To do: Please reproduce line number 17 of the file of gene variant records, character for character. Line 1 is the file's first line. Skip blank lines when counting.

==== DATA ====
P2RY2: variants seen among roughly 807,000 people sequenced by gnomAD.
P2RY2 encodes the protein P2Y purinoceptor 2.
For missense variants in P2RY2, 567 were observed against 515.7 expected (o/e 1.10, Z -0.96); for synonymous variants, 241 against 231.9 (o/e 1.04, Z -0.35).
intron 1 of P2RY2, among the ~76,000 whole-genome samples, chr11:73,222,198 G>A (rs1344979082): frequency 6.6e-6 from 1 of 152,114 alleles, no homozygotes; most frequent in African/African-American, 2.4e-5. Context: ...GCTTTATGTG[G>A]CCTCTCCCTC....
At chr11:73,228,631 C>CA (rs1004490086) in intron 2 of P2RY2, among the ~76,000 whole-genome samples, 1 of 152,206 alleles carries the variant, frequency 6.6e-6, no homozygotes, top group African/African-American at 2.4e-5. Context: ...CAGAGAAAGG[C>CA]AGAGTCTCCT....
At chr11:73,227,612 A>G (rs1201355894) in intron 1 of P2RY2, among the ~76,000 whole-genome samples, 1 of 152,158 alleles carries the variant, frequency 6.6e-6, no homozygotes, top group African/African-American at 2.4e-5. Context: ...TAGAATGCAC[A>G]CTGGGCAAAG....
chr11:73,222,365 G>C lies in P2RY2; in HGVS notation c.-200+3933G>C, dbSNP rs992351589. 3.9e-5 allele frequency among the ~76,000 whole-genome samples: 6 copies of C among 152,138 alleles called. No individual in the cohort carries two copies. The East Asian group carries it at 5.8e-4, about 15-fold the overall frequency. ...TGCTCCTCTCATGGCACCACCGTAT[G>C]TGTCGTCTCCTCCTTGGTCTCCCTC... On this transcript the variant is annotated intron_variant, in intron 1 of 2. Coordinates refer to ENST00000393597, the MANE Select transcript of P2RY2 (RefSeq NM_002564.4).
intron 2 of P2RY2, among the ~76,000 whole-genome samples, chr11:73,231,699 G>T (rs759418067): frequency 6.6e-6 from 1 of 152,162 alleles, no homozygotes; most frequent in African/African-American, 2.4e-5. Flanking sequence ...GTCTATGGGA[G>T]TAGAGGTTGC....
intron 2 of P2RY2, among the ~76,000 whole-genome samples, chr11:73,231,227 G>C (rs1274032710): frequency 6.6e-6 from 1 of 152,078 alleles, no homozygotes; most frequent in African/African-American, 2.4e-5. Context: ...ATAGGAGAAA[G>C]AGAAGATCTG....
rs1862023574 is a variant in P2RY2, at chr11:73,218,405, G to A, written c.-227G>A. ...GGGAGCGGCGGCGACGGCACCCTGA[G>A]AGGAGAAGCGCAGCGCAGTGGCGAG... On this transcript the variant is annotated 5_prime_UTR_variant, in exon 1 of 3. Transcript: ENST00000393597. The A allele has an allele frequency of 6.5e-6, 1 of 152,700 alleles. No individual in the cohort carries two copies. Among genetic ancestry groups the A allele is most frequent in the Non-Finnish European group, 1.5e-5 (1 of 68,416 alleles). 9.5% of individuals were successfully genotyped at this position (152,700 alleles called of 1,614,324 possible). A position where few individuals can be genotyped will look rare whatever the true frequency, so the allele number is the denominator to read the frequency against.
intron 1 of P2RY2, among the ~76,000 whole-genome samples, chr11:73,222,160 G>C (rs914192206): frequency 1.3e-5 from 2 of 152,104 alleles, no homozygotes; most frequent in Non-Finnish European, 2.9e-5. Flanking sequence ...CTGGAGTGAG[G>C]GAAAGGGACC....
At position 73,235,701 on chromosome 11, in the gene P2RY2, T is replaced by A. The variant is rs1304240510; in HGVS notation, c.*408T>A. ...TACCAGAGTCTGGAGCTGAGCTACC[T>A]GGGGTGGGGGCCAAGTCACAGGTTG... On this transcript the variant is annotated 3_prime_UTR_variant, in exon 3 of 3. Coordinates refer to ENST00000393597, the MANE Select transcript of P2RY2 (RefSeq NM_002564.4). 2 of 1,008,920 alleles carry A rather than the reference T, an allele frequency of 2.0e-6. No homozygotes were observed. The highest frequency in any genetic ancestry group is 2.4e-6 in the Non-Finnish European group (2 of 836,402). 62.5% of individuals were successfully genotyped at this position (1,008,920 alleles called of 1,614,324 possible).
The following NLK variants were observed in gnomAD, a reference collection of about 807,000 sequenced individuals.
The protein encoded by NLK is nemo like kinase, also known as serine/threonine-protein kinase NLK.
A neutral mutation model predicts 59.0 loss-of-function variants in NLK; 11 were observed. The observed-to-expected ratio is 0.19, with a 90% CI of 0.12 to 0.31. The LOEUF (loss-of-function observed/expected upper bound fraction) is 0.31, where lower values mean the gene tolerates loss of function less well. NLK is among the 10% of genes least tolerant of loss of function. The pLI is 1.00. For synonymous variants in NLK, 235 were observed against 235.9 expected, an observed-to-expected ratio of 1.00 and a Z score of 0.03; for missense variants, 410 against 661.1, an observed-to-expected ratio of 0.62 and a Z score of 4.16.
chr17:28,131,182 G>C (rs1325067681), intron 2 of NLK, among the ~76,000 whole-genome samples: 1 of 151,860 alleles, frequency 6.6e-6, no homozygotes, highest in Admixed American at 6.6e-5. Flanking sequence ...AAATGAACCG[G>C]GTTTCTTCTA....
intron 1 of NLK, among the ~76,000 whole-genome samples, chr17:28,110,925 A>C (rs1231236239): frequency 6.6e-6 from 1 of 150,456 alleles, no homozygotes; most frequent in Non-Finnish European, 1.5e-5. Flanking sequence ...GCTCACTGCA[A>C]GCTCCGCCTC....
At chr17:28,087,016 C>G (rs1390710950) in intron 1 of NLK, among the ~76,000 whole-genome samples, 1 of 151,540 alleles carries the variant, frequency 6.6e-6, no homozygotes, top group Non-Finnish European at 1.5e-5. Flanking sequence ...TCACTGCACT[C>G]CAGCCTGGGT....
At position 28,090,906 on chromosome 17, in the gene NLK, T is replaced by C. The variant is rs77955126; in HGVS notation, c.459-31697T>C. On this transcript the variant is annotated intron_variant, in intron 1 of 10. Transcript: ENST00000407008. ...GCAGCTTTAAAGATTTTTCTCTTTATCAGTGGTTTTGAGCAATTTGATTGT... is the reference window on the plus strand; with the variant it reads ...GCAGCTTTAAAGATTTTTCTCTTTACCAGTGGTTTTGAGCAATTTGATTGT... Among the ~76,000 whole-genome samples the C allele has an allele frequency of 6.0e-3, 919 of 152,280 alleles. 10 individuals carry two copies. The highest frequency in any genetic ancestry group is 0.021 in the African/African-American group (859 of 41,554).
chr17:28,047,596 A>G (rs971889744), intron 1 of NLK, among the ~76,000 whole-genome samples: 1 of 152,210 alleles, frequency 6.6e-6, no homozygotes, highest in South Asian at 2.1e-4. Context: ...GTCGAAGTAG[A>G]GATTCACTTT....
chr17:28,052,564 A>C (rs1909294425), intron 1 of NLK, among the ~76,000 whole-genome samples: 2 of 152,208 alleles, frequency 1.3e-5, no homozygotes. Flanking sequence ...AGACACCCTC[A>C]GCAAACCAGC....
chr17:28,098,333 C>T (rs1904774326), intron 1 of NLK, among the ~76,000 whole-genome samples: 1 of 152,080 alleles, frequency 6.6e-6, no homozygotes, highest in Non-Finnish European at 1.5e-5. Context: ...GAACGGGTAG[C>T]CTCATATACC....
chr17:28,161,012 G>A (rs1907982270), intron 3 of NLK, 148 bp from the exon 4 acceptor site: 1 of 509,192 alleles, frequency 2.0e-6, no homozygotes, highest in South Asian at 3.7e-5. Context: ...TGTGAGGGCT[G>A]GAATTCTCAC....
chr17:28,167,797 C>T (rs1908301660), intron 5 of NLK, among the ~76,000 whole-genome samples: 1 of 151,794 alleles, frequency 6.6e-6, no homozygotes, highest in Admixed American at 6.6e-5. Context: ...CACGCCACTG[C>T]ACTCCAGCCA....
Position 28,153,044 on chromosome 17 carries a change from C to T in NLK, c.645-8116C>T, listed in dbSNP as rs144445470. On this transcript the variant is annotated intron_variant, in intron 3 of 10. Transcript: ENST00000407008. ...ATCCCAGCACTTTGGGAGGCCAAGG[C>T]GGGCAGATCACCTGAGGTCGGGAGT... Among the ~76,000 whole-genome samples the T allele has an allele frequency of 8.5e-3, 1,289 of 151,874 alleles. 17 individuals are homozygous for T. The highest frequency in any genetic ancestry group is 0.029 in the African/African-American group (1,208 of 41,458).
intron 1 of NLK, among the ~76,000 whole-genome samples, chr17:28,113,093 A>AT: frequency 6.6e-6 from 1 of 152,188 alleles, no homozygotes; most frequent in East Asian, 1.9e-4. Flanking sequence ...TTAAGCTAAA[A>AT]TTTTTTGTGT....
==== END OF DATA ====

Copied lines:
intron 1 of NLK, among the ~76,000 whole-genome samples, chr17:28,110,925 A>C (rs1231236239): frequency 6.6e-6 from 1 of 150,456 alleles, no homozygotes; most frequent in Non-Finnish European, 1.5e-5. Flanking sequence ...GCTCACTGCA[A>C]GCTCCGCCTC....